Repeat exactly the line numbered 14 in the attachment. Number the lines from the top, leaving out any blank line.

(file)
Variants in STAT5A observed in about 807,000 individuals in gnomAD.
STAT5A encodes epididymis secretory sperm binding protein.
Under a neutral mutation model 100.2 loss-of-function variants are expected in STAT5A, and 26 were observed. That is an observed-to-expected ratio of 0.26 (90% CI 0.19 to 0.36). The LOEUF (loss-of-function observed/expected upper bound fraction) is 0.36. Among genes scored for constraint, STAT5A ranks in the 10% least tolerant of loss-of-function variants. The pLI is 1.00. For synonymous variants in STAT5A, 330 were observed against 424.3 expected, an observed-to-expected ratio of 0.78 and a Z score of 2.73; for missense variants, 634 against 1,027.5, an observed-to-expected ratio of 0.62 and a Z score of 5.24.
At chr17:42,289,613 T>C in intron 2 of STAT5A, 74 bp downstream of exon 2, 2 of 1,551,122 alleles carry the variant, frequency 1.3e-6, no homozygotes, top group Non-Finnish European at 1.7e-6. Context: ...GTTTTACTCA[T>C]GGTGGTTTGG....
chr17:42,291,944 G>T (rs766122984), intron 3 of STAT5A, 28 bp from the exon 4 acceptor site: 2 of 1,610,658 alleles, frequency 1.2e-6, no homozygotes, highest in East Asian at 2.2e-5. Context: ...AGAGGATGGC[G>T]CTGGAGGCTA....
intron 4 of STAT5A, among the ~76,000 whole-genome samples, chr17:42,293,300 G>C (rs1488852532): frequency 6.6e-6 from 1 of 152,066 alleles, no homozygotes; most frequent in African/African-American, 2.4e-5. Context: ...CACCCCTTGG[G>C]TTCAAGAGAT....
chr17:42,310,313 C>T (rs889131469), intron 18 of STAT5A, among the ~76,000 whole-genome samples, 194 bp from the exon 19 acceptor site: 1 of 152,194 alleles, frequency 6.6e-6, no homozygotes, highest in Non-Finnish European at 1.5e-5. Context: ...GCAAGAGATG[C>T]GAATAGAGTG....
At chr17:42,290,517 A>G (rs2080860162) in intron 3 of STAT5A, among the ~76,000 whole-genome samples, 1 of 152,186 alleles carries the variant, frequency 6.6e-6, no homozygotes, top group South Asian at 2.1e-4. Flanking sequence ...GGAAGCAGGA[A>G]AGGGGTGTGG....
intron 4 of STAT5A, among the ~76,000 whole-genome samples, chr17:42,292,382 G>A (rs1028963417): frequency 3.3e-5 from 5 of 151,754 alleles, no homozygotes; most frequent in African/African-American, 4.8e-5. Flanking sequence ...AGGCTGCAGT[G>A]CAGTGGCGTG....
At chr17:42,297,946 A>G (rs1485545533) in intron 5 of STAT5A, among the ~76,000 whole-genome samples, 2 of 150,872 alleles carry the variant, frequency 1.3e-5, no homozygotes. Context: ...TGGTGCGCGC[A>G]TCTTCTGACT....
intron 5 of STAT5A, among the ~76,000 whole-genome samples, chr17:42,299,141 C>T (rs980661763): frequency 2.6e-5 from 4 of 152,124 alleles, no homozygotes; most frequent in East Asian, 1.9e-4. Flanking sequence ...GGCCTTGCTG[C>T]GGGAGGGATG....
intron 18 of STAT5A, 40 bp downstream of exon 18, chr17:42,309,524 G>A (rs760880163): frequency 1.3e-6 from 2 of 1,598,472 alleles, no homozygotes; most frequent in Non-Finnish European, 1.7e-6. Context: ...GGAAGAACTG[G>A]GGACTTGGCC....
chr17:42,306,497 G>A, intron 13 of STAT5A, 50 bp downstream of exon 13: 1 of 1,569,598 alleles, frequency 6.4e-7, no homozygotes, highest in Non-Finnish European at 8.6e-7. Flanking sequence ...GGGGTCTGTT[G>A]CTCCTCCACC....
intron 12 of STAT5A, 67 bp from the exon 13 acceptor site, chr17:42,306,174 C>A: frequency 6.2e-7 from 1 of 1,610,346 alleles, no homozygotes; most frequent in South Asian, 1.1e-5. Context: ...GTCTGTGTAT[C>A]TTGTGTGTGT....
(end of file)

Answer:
intron 12 of STAT5A, 67 bp from the exon 13 acceptor site, chr17:42,306,174 C>A: frequency 6.2e-7 from 1 of 1,610,346 alleles, no homozygotes; most frequent in South Asian, 1.1e-5. Context: ...GTCTGTGTAT[C>A]TTGTGTGTGT....